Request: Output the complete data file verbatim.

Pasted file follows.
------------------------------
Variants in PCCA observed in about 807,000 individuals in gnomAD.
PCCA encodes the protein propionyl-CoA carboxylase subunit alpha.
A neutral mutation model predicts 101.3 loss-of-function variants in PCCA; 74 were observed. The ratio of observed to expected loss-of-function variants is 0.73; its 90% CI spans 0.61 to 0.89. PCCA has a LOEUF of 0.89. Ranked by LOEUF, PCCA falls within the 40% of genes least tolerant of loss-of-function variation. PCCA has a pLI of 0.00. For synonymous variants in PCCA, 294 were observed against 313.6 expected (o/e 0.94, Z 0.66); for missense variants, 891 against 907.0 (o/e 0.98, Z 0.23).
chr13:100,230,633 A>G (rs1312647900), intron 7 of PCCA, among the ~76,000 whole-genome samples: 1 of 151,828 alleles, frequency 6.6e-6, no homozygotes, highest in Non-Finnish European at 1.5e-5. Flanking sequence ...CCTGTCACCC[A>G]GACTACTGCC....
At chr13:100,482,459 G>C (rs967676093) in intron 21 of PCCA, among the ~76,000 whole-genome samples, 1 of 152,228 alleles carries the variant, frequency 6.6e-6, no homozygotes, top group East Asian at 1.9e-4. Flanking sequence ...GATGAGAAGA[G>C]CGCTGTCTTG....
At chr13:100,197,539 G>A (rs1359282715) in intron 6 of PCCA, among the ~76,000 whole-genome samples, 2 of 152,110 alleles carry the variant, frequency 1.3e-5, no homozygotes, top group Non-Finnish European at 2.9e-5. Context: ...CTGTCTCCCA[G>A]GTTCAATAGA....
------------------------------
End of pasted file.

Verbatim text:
Variants in PCCA observed in about 807,000 individuals in gnomAD.
PCCA encodes the protein propionyl-CoA carboxylase subunit alpha.
A neutral mutation model predicts 101.3 loss-of-function variants in PCCA; 74 were observed. The ratio of observed to expected loss-of-function variants is 0.73; its 90% CI spans 0.61 to 0.89. PCCA has a LOEUF of 0.89. Ranked by LOEUF, PCCA falls within the 40% of genes least tolerant of loss-of-function variation. PCCA has a pLI of 0.00. For synonymous variants in PCCA, 294 were observed against 313.6 expected (o/e 0.94, Z 0.66); for missense variants, 891 against 907.0 (o/e 0.98, Z 0.23).
chr13:100,230,633 A>G (rs1312647900), intron 7 of PCCA, among the ~76,000 whole-genome samples: 1 of 151,828 alleles, frequency 6.6e-6, no homozygotes, highest in Non-Finnish European at 1.5e-5. Flanking sequence ...CCTGTCACCC[A>G]GACTACTGCC....
At chr13:100,482,459 G>C (rs967676093) in intron 21 of PCCA, among the ~76,000 whole-genome samples, 1 of 152,228 alleles carries the variant, frequency 6.6e-6, no homozygotes, top group East Asian at 1.9e-4. Flanking sequence ...GATGAGAAGA[G>C]CGCTGTCTTG....
At chr13:100,197,539 G>A (rs1359282715) in intron 6 of PCCA, among the ~76,000 whole-genome samples, 2 of 152,110 alleles carry the variant, frequency 1.3e-5, no homozygotes, top group Non-Finnish European at 2.9e-5. Context: ...CTGTCTCCCA[G>A]GTTCAATAGA....